Saturday, 13 April 2013

Getting Involved Again

I am an old Labour man so for that reason I find New Labour revolting in the extreme. Thatcher and Blair had one thing in common: they both believed that people who always vote Labour could be safely ignored. In the old days a man like me could vote for the Communist Party as a protest if Labour were going too far off the rails, but that party's collapse meant that the working class was left unrepresented, so along with millions of other people I just lost interest in party politics.

Last year a neighbour asked me to help him with his claim form for Disability Living Allowance. A week or so later a friend of his then knocked on my door and asked for help with a housing benefit problem. Over the next few months a steady stream of people began to ask for help, with the result that I became a sort of one man advice office. The numbers were not great, probably no more than one or two a month, and I was happy to help people out; they are my neighbours after all.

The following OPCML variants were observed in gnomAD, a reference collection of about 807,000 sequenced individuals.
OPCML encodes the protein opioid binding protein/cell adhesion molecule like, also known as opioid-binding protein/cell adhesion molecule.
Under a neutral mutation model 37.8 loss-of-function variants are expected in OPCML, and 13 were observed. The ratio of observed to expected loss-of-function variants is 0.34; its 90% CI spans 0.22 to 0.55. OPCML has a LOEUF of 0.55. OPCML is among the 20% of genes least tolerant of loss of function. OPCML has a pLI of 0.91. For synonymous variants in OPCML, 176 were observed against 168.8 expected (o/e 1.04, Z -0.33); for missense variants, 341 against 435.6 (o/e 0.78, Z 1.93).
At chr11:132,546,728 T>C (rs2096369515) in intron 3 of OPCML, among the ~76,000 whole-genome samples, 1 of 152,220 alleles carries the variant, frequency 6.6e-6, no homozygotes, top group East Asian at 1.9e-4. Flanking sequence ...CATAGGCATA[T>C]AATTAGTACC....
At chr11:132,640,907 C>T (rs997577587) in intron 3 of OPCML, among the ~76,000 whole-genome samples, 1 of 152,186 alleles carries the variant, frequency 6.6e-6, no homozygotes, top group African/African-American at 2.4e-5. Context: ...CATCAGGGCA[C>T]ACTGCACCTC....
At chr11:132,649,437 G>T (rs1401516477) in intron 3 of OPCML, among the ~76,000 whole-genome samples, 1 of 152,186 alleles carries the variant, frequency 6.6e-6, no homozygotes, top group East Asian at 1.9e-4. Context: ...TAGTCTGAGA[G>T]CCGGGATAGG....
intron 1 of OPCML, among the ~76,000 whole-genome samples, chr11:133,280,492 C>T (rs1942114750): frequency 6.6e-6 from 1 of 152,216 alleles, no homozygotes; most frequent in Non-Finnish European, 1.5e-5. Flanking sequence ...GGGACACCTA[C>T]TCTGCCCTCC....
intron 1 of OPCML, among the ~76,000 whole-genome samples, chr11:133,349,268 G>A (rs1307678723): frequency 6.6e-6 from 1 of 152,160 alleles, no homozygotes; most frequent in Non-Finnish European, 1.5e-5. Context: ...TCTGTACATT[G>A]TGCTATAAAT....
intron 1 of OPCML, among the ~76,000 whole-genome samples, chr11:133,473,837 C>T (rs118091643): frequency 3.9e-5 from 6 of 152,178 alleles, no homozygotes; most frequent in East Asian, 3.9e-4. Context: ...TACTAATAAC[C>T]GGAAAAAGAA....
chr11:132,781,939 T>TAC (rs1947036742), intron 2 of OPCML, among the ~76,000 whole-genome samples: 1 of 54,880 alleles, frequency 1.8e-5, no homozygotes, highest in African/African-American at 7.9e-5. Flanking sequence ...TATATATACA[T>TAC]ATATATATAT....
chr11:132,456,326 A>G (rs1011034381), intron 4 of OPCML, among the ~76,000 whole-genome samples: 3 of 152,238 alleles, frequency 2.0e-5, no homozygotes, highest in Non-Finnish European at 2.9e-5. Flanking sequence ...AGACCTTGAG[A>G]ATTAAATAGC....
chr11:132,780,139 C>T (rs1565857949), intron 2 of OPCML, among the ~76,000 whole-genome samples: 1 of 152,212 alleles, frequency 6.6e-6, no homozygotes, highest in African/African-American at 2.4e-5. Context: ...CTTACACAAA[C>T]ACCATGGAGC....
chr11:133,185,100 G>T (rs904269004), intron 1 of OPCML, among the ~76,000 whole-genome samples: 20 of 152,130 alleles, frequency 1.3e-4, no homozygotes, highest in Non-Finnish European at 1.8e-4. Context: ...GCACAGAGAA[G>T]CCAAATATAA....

One of these people jokingly suggested that I should be on the council, and I laughed along with the remark, but later I began to think seriously about it. I already had a small base of people that I had helped and who would, perhaps, give me a punt if I asked them nicely. I did the sums and reasoned that if their families turned out for me as well then I had the makings of a couple of hundred votes in the bag even before I did very much.

I knew very well that this was not enough to get elected so I needed a party behind me, but which one? To be honest, these days all the parties are desperate for activists as more and more people disengage from a system that only seems to represent the socially liberal, economically conservative metropolitan elite, so I reckoned that I could take my pick.

The thought of having anything to do with the Conservatives leaves me feeling in need of a bath, and their Liberal-Democrat satraps are no better, so both were out of the question. New Labour did not want my vote so it wasn't going to get it, and the British National Party probably wouldn't have me on account of my mixed race offspring. Besides, they were heading towards extinction,anyway, so only a fool would hitch his wagon to that wheezy old nag.

That left UKIP, a party dismissed as the BNP in suits, the party of fruitcakes and weirdos, but which was coming up inexorably on the rails. I decided to dig a little deeper to try and find out if they would provide an agreeable home for an old leftist, and was pleasantly surprised with what I found.

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